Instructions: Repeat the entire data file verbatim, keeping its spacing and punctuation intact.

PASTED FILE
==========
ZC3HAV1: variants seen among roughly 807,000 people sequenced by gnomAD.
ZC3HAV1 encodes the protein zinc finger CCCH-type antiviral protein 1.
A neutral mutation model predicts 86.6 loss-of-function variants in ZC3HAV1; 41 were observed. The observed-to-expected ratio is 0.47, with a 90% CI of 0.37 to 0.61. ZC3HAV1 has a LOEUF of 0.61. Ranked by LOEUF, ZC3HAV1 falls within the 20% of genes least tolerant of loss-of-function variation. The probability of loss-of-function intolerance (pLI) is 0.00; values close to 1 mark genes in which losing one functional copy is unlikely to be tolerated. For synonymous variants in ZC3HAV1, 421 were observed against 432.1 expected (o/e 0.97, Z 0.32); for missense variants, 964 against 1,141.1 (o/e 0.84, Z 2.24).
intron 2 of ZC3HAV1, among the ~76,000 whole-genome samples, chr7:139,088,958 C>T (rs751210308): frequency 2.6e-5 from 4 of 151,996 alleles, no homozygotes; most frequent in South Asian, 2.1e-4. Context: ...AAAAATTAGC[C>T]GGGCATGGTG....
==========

ZC3HAV1: variants seen among roughly 807,000 people sequenced by gnomAD.
ZC3HAV1 encodes the protein zinc finger CCCH-type antiviral protein 1.
A neutral mutation model predicts 86.6 loss-of-function variants in ZC3HAV1; 41 were observed. The observed-to-expected ratio is 0.47, with a 90% CI of 0.37 to 0.61. ZC3HAV1 has a LOEUF of 0.61. Ranked by LOEUF, ZC3HAV1 falls within the 20% of genes least tolerant of loss-of-function variation. The probability of loss-of-function intolerance (pLI) is 0.00; values close to 1 mark genes in which losing one functional copy is unlikely to be tolerated. For synonymous variants in ZC3HAV1, 421 were observed against 432.1 expected (o/e 0.97, Z 0.32); for missense variants, 964 against 1,141.1 (o/e 0.84, Z 2.24).
intron 2 of ZC3HAV1, among the ~76,000 whole-genome samples, chr7:139,088,958 C>T (rs751210308): frequency 2.6e-5 from 4 of 151,996 alleles, no homozygotes; most frequent in South Asian, 2.1e-4. Context: ...AAAAATTAGC[C>T]GGGCATGGTG....